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testosterone levels

Why do I have low testosterone?

Before discussing testosterone levels, it’s important to understand what testosterone is, where it is produced, and how it affects the human body.

Testosterone is a sex hormone, also known as a steroid hormone, which is found in both men and women. In men, testosterone is produced mostly in the gonads (or testicles). It’s known as a sex hormone because it affects the reproductive organs and process. Testosterone also influences the natural development of sexual traits in men such as facial hair and deeper voices—among others.

Testosterone production originates in the hypothalamus portion of the brain. The hypothalamus and pituitary gland work in tandem to send messages to the gonads to produce and regulate testosterone levels. As men age, testosterone levels begin a natural decline. Generally, men experience a 2-3% drop in testosterone each year starting at around 30. As testosterone decreases, men can experience symptoms such as a diminished sex drive, erectile dysfunction, loss of muscle mass, fatigue, and a difficulty in losing fat around their midsections.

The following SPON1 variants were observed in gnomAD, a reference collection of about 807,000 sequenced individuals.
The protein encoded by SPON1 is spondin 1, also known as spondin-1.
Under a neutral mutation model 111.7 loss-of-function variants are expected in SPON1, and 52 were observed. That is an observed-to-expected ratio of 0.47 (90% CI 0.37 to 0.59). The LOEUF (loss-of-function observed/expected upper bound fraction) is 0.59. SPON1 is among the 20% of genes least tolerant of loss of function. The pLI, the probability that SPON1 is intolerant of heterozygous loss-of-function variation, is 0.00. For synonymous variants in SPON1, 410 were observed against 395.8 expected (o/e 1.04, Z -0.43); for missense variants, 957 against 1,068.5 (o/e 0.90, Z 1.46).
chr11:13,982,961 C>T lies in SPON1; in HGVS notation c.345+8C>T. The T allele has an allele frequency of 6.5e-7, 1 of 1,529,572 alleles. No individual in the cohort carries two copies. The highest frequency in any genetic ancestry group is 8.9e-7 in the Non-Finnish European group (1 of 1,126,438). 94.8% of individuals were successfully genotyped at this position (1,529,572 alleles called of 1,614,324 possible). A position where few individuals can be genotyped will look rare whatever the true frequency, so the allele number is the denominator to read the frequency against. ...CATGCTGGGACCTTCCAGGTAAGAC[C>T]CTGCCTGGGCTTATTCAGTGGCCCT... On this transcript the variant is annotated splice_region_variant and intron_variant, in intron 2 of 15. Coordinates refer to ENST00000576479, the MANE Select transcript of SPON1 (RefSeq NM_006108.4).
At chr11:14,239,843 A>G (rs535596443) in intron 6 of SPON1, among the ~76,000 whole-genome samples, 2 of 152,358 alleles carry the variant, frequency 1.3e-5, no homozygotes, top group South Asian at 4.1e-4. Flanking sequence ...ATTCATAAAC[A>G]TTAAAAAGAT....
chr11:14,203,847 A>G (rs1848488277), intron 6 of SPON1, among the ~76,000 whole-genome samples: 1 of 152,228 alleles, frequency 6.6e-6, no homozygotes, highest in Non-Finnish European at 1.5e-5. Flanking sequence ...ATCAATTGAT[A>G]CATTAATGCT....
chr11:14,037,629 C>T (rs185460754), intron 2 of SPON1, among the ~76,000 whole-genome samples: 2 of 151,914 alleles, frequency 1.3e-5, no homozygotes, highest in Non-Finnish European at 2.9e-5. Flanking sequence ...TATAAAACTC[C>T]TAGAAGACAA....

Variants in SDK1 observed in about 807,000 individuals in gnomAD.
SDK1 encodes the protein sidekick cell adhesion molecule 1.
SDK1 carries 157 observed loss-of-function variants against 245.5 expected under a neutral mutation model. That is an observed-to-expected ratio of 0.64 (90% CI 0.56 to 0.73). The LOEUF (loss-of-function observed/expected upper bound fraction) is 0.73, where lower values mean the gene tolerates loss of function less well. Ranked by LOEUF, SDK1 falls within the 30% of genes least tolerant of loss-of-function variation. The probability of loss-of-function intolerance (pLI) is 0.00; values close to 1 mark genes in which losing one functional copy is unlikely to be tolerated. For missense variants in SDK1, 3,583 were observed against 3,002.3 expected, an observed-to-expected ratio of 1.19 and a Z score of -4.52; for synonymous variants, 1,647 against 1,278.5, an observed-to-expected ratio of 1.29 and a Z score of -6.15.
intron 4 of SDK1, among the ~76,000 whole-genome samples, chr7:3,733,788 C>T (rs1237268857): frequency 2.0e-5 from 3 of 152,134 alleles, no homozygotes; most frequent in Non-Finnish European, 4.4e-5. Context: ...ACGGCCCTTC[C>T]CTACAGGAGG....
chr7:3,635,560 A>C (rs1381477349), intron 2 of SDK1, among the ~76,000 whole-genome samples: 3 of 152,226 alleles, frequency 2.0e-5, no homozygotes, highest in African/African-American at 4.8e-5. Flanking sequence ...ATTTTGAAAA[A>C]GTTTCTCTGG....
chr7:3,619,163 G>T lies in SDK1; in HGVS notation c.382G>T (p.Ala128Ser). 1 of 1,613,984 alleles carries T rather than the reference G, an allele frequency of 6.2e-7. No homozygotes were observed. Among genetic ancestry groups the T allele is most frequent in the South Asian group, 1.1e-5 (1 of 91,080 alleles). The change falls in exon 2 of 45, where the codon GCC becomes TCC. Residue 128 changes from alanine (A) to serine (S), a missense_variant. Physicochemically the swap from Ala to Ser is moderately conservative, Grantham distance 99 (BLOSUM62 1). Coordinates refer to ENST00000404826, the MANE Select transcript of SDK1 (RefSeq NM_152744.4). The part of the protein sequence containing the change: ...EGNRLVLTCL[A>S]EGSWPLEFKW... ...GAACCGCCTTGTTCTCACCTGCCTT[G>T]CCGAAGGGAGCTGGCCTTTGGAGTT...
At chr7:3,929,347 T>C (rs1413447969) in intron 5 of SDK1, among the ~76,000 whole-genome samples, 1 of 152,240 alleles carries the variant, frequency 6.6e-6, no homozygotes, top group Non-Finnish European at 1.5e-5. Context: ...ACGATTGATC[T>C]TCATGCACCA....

While age is a contributing factor, testosterone levels can also be affected by:

  • Chromosomal abnormalities
  • Childhood illnesses such as the mumps
  • Chemotherapy
  • Trauma to the testicles
  • Undescended testicles
  • Obesity

Diagnosing testosterone levels

A simple blood test will help determine if testosterone levels are below normal. Once low testosterone (or hypogonadism) is diagnosed, it’s important to determine proper treatment. In fact, the type of testosterone administered will vary depending on whether the man is finished having children or not. For instance, if an exogenous testosterone is used, it will deplete the production of sperm and reduce normal fertility. This is ideal for men who are finished having children. For men who want children, a different approach will be used during treatment.

Men can be treated for low testosterone by the use of gels, creams, patches, injections, or pellets. Typically, gels, creams and patches are used once daily, while injections are taken once every seven to ten days. As another option, pellets can be inserted into the buttocks, and replaced every three to four months. With all testosterone treatments, blood levels are periodically monitored to determine changes in testosterone.

As with any medical treatment, there can be side effects. Low testosterone treatment can result in loss of hair, acne, breast swelling and/or tenderness. While being a nuisance, these side effects can ordinarily be treated or reversed.

If you are experiencing symptoms that may be related to low testosterone, contact Urology Austin to schedule an appointment with one of our providers.